Recycled decor woman

10. Get your staff involved: awareness is essential!

Lastly, the key to implementing a successful sustainability strategy is ensuring everybody in the restaurant is on board. You must educate, inform, and provide clear instructions for your staff, so they understand what restaurant sustainability means and the ins and outs of keeping your program on track. Every stakeholder has a part to play, whether to ensure compostable items are disposed of properly or to educate the customer on how to best dispose of their single-use items after they are finished with them.

Avoiding excess waste is critical too. In the bar, for example, you might switch to dehydrated citrus for garnish and “superjuice” for cocktails. Superjuice emerged in the cocktail industry as a way to increase the volume of juice, reduce waste, and extend its shelf life almost indefinitely. Imagine making a liter of shelf-stable juice from just six limes!

Waitress man

11. Keep your menu seasonal

Sustainable restaurants have a seasonal menu to keep their dishes both exciting and eco-friendly. This menu type highlights in-season ingredients, so it changes regularly. You can serve fresh produce at the peak of ripeness and proteins when they are widely available. The seasonal menu will also keep your customers interested in your new and creative dishes.

Start a seasonal menu in your restaurant by incorporating dishes featuring seasonal ingredients. Before a new season begins, swap in dishes with fresh ingredients for that season. You don’t have to replace every menu item — keep a few customer favorites year-round that don’t have seasonal ingredients.

12. Reduce your water usage

Your restaurant can reduce water use to conserve this valuable resource and save money. Water conservation is even more important if your area experiences unprecedented wildfires or droughts. Of course, you’ll still need to use water for cooking and washing dishes, but you can implement water-saving efforts in other places around your restaurant.

Low-flow, energy-efficient, and motion-activated sink faucets in the kitchen and toilets in the restrooms reduce the amount of water used when washing or flushing. In your kitchen, ensure your staff runs the dishwasher only when it is full. Running one full load instead of multiple half-loads saves at least one load of dishes per week and hundreds of gallons of water annually.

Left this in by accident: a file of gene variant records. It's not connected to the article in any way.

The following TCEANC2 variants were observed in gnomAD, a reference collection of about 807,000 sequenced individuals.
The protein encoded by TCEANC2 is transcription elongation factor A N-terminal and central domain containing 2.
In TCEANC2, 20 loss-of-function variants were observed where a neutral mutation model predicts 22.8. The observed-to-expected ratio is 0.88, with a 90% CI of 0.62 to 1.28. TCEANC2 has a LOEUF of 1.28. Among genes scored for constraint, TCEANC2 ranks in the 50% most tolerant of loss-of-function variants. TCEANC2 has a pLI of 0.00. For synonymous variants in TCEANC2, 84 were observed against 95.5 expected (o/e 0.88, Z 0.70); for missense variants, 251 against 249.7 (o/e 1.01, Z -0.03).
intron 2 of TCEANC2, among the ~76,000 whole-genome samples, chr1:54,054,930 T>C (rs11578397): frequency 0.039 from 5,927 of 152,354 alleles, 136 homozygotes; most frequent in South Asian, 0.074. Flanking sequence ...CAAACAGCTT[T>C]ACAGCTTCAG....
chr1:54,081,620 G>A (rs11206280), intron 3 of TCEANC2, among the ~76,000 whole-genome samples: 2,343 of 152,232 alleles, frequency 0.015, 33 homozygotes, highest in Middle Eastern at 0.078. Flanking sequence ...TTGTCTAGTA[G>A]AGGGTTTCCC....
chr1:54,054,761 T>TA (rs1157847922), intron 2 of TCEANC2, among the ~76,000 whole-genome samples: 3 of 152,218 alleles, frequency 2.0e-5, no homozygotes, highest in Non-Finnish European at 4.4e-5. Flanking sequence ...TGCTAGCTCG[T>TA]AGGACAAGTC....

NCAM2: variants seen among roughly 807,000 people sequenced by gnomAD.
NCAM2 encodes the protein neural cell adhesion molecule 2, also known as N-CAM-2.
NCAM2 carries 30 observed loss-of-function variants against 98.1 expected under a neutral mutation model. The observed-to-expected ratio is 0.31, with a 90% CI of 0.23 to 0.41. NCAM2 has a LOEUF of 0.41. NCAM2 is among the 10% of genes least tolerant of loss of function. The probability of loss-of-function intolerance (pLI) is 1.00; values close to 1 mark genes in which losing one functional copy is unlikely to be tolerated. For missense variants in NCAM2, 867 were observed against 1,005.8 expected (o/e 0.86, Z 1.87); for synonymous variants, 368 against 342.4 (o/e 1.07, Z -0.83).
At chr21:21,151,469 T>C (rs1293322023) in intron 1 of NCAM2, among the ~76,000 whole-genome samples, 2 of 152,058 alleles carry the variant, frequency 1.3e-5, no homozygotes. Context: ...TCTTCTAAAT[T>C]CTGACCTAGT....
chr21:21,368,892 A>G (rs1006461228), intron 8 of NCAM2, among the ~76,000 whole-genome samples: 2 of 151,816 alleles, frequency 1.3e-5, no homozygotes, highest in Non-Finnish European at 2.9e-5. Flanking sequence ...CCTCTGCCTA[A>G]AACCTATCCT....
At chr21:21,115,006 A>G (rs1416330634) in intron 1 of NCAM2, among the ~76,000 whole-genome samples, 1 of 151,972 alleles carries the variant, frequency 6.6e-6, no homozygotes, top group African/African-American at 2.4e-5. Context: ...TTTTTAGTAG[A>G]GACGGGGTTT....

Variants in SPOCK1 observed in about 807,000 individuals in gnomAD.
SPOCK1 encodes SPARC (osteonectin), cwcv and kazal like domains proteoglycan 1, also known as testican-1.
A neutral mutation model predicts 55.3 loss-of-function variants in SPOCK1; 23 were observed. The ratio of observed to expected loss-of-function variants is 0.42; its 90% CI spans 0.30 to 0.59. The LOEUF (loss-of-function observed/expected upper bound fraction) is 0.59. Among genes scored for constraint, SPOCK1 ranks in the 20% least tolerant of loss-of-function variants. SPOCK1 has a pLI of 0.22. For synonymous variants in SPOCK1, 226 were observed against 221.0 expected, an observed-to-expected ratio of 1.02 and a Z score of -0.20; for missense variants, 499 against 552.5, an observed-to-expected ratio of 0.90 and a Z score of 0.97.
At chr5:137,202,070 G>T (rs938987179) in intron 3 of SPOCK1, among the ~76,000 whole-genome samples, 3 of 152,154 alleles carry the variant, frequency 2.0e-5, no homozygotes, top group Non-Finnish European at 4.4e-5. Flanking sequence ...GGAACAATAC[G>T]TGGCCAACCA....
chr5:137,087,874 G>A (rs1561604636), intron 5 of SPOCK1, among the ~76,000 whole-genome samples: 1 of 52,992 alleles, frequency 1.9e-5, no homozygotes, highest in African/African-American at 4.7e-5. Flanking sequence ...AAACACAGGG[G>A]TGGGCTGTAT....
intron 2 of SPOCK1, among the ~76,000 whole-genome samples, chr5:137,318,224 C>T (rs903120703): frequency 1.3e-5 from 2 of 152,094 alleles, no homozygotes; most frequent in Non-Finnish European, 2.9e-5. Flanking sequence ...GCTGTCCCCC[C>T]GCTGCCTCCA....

In the dining room, serve your guests glasses of water only if they request them instead of serving them when people are seated. Guests who don’t like water or order another beverage may leave the water untouched, creating waste.

You can also ensure your water source is sustainable. Instead of purchasing cases of bottled water for your guests, get a filtration system to purify your tap water and reduce your plastic use. If you live in an area with heavy rainfalls, capture the rainwater to water your garden and grass. However, each state regulates rainwater harvesting, so be sure this practice is legal in your region.

13. Switch to natural or eco-friendly cleaning products

Use sustainable cleaning products for cleaning surfaces and hands in your restaurant. These products clean just as well as standard cleaners while keeping the environment and people safe. Some commercial cleaners have chemicals that can harm the environment through smog and water pollution. They can also affect human health — certain ingredients can cause skin and eye irritation in exposed populations.

Source eco-friendly cleaning products for your dish soap, hand soap, surface cleaners, and more. While the prices may be higher than commercial cleaners, you can often save money by purchasing in bulk. You can find sustainable cleaning products and safer chemicals through the Environmental Protection Agency Safer Choice program.

You can also consider using natural yet effective cleaning methods. For example, consider cleaning your floors and carpets with steam instead of chemicals. Try cleaners with tea tree oil, lemon, or vinegar.

It’s easy to go green! If you’ve been at a loss on how to get started, we hope these tips help. Check out our selection of sustainable single-use foodservice items today.

See All
Couple having a red wine at restaurant
Restaurant Sustainability Mistakes

Incorporating sustainable practices in your food service business supports the environment, satisfies environmentally conscious customers, and can be lucrative. The popularity of sustainable eating is growing as people become more aware of environmental issues.

Read More
Circular Economy illustrated on a leaf
Circular Economy and Sustainability

In a linear economy, we get our resources from the earth and discard them as waste when we are no longer using them. This economy is also known as the take-make-replace or take-make-use-dispose. Our current economy is linear, and though that comes with many downfalls, there are ways that we can change that.

Read More
All About Agave Fibers
All About Agave Fibers

Natural fibers come from plants, animals and natural processes. They are an excellent resource as they are biodegradable and renewable. Since we can grow or extract different natural fibers in various climates across the globe, there are fewer carbon emissions associated with using natural fibers.

Read More